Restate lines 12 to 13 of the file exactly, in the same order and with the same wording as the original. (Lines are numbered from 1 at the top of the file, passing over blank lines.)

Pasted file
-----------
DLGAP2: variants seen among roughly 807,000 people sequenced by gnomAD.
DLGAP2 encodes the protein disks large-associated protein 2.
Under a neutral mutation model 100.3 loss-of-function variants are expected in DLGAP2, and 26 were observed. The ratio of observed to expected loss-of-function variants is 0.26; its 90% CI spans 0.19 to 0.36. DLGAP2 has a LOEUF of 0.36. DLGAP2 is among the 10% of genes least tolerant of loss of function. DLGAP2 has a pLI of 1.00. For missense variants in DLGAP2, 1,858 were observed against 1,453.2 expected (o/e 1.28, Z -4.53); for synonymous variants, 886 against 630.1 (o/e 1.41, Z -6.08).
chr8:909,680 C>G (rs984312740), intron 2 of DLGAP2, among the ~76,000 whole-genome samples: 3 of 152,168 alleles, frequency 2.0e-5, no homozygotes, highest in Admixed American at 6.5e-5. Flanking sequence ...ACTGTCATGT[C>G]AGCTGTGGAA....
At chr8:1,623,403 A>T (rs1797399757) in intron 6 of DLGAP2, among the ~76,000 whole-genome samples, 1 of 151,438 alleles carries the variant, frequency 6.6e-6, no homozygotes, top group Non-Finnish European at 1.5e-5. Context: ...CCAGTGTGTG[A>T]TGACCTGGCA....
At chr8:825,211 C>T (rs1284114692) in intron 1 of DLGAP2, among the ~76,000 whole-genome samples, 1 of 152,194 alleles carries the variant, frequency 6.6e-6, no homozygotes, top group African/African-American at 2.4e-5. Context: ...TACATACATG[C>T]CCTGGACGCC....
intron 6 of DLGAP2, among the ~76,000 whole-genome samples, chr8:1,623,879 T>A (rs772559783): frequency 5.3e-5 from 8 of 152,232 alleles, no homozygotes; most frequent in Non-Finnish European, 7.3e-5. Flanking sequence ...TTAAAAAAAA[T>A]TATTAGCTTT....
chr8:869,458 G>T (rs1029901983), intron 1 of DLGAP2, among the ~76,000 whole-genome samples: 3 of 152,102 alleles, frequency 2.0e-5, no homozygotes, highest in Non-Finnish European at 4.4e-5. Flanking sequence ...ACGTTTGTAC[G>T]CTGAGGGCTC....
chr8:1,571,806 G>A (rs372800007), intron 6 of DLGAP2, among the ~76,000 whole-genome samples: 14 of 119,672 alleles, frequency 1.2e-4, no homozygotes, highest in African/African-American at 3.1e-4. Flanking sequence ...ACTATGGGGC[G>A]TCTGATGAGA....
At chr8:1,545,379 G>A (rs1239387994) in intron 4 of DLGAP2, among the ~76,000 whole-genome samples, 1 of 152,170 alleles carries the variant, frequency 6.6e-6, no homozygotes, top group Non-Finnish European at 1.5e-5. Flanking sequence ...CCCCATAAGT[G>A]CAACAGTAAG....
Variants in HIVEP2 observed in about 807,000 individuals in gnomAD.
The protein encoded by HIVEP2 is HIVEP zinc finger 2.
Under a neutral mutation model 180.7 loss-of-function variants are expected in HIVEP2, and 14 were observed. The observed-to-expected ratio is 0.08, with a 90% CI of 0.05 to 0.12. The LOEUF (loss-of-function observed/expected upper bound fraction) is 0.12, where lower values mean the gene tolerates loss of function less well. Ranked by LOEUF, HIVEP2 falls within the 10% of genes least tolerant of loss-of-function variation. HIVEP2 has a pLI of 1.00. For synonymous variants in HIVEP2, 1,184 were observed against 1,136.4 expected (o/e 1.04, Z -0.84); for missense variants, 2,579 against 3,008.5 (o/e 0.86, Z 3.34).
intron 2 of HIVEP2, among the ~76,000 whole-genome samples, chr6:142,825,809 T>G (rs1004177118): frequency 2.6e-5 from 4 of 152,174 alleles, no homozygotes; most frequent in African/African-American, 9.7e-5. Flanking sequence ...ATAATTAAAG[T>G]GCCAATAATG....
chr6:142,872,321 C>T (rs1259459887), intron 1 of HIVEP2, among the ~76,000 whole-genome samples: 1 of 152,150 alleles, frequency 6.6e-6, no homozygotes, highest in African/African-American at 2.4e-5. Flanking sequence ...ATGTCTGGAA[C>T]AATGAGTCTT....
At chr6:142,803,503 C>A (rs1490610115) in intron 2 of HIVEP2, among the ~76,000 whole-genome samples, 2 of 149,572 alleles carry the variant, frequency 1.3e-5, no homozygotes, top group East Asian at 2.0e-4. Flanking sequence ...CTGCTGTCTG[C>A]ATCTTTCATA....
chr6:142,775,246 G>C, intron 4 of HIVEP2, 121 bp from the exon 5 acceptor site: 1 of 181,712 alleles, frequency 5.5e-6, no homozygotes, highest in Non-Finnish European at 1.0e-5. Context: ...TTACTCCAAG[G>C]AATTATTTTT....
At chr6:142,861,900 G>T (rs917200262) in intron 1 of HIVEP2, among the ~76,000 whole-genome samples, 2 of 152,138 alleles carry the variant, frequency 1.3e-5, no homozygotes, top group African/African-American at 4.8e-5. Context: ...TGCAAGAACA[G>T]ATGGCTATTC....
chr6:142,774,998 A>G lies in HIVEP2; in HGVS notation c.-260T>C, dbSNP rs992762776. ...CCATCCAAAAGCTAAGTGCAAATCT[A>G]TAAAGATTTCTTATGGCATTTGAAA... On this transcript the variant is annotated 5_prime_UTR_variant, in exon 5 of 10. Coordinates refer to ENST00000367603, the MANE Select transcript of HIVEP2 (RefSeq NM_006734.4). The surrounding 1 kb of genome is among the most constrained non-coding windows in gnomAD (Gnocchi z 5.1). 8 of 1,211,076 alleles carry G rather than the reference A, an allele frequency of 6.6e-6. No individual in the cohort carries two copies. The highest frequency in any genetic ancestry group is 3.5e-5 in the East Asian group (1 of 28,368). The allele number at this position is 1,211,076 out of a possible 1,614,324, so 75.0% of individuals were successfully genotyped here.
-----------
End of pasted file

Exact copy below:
The protein encoded by HIVEP2 is HIVEP zinc finger 2.
Under a neutral mutation model 180.7 loss-of-function variants are expected in HIVEP2, and 14 were observed. The observed-to-expected ratio is 0.08, with a 90% CI of 0.05 to 0.12. The LOEUF (loss-of-function observed/expected upper bound fraction) is 0.12, where lower values mean the gene tolerates loss of function less well. Ranked by LOEUF, HIVEP2 falls within the 10% of genes least tolerant of loss-of-function variation. HIVEP2 has a pLI of 1.00. For synonymous variants in HIVEP2, 1,184 were observed against 1,136.4 expected (o/e 1.04, Z -0.84); for missense variants, 2,579 against 3,008.5 (o/e 0.86, Z 3.34).